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J Biomed Inform. 2017 Feb;66:180-193. doi: 10.1016/j.jbi.2016.12.013. Epub 2017 Jan 3.

Development and validation of a continuously age-adjusted measure of patient condition for hospitalized children using the electronic medical record.

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PeraHealth, Inc., 6302 Fairview Rd., Suite 310, Charlotte, NC 28203, United States. Electronic address:
University of Florida, Jacksonville, FL, United States.
Department of Pediatrics, Children's Hospital of Pittsburgh, University of Pittsburgh School of Medicine, 4401 Penn Ave., Pittsburgh, PA 15224, United States.
Yale New Haven Health System, 20 York St., New Haven, CT 06510, United States.
Rutgers New Jersey Medical School, 65 Bergen St., Newark, NJ 07107, United States; MedERA, Inc., United States.
Yale New Haven Health System, 20 York St., New Haven, CT 06510, United States; Yale School of Medicine, 333 Cedar St., New Haven, CT 06510, United States.


Awareness of a patient's clinical status during hospitalization is a primary responsibility for hospital providers. One tool to assess status is the Rothman Index (RI), a validated measure of patient condition for adults, based on empirically derived relationships between 1-year post-discharge mortality and each of 26 clinical measurements available in the electronic medical record. However, such an approach cannot be used for pediatrics, where the relationships between risk and clinical variables are distinct functions of patient age, and sufficient 1-year mortality data for each age group simply do not exist. We report the development and validation of a new methodology to use adult mortality data to generate continuously age-adjusted acuity scores for pediatrics. Clinical data were extracted from EMRs at three pediatric hospitals covering 105,470 inpatient visits over a 3-year period. The RI input variable set was used as a starting point for the development of the pediatric Rothman Index (pRI). Age-dependence of continuous variables was determined by plotting mean values versus age. For variables determined to be age-dependent, polynomial functions of mean value and mean standard deviation versus age were constructed. Mean values and standard deviations for adult RI excess risk curves were separately estimated. Based on the "find the center of the channel" hypothesis, univariate pediatric risk was then computed by applying a z-score transform to adult mean and standard deviation values based on polynomial pediatric mean and standard deviation functions. Multivariate pediatric risk is estimated as the sum of univariate risk. Other age adjustments for categorical variables were also employed. Age-specific pediatric excess risk functions were compared to age-specific expert-derived functions and to in-hospital mortality. AUC for 24-h mortality and pRI scores prior to unplanned ICU transfers were computed. Age-adjusted risk functions correlated well with similar functions in Bedside PEWS and PAWS. Pediatric nursing data correlated well with risk as measured by mortality odds ratios. AUC for pRI for 24-h mortality was 0.93 (0.92, 0.94), 0.93 (0.93, 0.93) and 0.95 (0.95, 0.95) at the three pediatric hospitals. Unplanned ICU transfers correlated with lower pRI scores. Moreover, pRI scores declined prior to such events. A new methodology to continuously age-adjust patient acuity provides a tool to facilitate timely identification of physiologic deterioration in hospitalized children.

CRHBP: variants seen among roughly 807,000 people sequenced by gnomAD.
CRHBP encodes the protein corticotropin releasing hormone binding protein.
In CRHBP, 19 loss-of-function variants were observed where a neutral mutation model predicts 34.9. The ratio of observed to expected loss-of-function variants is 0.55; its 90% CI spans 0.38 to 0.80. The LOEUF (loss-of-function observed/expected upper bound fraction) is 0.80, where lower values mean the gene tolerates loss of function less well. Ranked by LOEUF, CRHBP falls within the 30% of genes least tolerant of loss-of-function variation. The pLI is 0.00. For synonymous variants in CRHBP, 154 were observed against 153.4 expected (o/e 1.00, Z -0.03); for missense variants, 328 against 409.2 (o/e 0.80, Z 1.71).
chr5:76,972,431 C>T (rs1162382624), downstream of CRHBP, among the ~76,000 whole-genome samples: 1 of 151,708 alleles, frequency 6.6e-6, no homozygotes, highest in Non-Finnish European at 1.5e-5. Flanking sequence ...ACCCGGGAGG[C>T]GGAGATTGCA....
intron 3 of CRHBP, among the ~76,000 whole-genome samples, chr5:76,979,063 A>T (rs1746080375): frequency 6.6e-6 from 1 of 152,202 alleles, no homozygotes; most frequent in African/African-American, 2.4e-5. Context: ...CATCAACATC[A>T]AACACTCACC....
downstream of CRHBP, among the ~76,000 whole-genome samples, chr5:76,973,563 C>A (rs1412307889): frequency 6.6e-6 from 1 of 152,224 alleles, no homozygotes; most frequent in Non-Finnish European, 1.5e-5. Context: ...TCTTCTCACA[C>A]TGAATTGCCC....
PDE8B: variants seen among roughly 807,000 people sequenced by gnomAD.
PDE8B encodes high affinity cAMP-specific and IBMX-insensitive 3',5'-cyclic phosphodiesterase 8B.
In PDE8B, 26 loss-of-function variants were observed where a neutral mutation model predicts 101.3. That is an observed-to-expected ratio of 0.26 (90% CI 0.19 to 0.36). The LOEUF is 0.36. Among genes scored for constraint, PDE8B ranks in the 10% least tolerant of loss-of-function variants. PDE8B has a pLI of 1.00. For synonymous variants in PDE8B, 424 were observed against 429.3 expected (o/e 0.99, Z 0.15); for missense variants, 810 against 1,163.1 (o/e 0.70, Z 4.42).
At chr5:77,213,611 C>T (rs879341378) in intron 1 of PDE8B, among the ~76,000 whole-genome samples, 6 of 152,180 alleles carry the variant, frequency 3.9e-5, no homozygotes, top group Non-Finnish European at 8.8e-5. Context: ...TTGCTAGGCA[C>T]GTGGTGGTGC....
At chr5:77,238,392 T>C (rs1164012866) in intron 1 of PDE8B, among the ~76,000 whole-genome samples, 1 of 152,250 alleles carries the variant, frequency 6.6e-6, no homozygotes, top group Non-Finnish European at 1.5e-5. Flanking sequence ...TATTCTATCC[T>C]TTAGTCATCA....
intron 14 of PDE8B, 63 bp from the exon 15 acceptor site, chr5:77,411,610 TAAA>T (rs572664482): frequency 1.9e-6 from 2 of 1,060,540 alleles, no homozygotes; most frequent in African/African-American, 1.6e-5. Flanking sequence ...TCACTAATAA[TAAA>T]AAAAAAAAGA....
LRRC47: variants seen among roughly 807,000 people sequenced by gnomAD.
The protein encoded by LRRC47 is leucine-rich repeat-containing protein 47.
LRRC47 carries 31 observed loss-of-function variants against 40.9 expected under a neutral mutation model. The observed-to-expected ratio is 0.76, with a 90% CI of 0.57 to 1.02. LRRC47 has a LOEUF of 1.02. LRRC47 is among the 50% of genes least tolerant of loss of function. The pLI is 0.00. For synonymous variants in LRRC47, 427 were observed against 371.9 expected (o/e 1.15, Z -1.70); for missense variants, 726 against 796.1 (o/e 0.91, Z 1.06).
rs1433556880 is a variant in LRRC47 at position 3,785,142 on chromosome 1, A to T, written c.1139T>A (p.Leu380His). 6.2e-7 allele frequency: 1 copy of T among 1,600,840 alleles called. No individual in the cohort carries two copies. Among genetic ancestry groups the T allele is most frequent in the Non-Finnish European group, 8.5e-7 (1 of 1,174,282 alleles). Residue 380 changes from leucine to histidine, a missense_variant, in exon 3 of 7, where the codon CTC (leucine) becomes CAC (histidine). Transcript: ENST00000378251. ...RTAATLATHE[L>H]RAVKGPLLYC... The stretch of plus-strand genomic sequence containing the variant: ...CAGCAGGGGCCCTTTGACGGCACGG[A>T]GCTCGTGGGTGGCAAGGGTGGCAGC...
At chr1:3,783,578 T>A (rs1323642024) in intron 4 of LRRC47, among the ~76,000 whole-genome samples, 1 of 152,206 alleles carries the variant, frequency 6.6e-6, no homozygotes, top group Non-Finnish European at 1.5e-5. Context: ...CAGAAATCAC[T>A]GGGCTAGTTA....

Acuity score; Electronic medical record; Nursing assessments; Patient condition; Pediatrics; Risk measure; Rothman Index

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